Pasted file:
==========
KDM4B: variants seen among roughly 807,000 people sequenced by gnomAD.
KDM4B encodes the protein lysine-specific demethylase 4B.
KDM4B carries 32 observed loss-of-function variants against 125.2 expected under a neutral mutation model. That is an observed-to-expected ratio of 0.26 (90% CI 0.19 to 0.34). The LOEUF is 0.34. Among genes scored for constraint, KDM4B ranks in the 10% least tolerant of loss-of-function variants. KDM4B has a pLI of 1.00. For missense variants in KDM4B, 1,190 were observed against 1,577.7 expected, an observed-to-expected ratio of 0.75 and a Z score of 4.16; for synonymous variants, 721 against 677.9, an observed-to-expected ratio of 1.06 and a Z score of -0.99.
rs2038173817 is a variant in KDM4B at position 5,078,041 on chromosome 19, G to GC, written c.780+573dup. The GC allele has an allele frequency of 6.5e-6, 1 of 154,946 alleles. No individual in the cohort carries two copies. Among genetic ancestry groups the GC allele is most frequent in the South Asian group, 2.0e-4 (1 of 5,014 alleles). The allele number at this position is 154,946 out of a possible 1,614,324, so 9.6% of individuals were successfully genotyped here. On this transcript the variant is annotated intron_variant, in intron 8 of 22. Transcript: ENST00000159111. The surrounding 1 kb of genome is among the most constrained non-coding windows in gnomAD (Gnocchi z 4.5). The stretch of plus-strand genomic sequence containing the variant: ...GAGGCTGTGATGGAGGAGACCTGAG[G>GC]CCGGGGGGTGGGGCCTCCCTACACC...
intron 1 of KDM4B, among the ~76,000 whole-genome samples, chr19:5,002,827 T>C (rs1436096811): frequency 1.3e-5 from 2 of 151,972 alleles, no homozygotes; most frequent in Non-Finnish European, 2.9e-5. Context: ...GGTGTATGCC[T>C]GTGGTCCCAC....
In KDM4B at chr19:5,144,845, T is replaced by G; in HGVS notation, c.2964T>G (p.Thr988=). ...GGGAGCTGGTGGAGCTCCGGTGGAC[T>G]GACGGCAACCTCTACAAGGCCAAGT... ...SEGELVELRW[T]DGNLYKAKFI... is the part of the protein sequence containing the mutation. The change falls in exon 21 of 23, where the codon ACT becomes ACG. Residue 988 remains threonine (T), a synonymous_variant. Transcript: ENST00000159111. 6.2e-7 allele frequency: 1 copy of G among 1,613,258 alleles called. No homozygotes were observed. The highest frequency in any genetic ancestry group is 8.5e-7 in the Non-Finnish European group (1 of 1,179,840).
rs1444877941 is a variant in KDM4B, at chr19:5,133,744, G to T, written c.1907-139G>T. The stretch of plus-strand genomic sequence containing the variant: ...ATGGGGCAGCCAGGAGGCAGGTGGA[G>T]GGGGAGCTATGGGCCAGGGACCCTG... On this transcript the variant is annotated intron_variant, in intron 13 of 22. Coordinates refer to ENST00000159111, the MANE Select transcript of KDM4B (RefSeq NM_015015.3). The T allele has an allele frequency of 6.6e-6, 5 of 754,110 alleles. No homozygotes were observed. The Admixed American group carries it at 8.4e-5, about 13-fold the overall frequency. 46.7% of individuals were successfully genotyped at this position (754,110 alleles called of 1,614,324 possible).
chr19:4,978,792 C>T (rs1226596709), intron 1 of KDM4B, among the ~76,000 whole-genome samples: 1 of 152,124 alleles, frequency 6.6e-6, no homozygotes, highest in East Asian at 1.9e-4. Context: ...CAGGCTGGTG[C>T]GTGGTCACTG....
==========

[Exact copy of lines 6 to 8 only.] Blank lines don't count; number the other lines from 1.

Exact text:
In KDM4B at chr19:5,144,845, T is replaced by G; in HGVS notation, c.2964T>G (p.Thr988=). ...GGGAGCTGGTGGAGCTCCGGTGGAC[T>G]GACGGCAACCTCTACAAGGCCAAGT... ...SEGELVELRW[T]DGNLYKAKFI... is the part of the protein sequence containing the mutation. The change falls in exon 21 of 23, where the codon ACT becomes ACG. Residue 988 remains threonine (T), a synonymous_variant. Transcript: ENST00000159111. 6.2e-7 allele frequency: 1 copy of G among 1,613,258 alleles called. No homozygotes were observed. The highest frequency in any genetic ancestry group is 8.5e-7 in the Non-Finnish European group (1 of 1,179,840).
rs1444877941 is a variant in KDM4B, at chr19:5,133,744, G to T, written c.1907-139G>T. The stretch of plus-strand genomic sequence containing the variant: ...ATGGGGCAGCCAGGAGGCAGGTGGA[G>T]GGGGAGCTATGGGCCAGGGACCCTG... On this transcript the variant is annotated intron_variant, in intron 13 of 22. Coordinates refer to ENST00000159111, the MANE Select transcript of KDM4B (RefSeq NM_015015.3). The T allele has an allele frequency of 6.6e-6, 5 of 754,110 alleles. No homozygotes were observed. The Admixed American group carries it at 8.4e-5, about 13-fold the overall frequency. 46.7% of individuals were successfully genotyped at this position (754,110 alleles called of 1,614,324 possible).
chr19:4,978,792 C>T (rs1226596709), intron 1 of KDM4B, among the ~76,000 whole-genome samples: 1 of 152,124 alleles, frequency 6.6e-6, no homozygotes, highest in East Asian at 1.9e-4. Context: ...CAGGCTGGTG[C>T]GTGGTCACTG....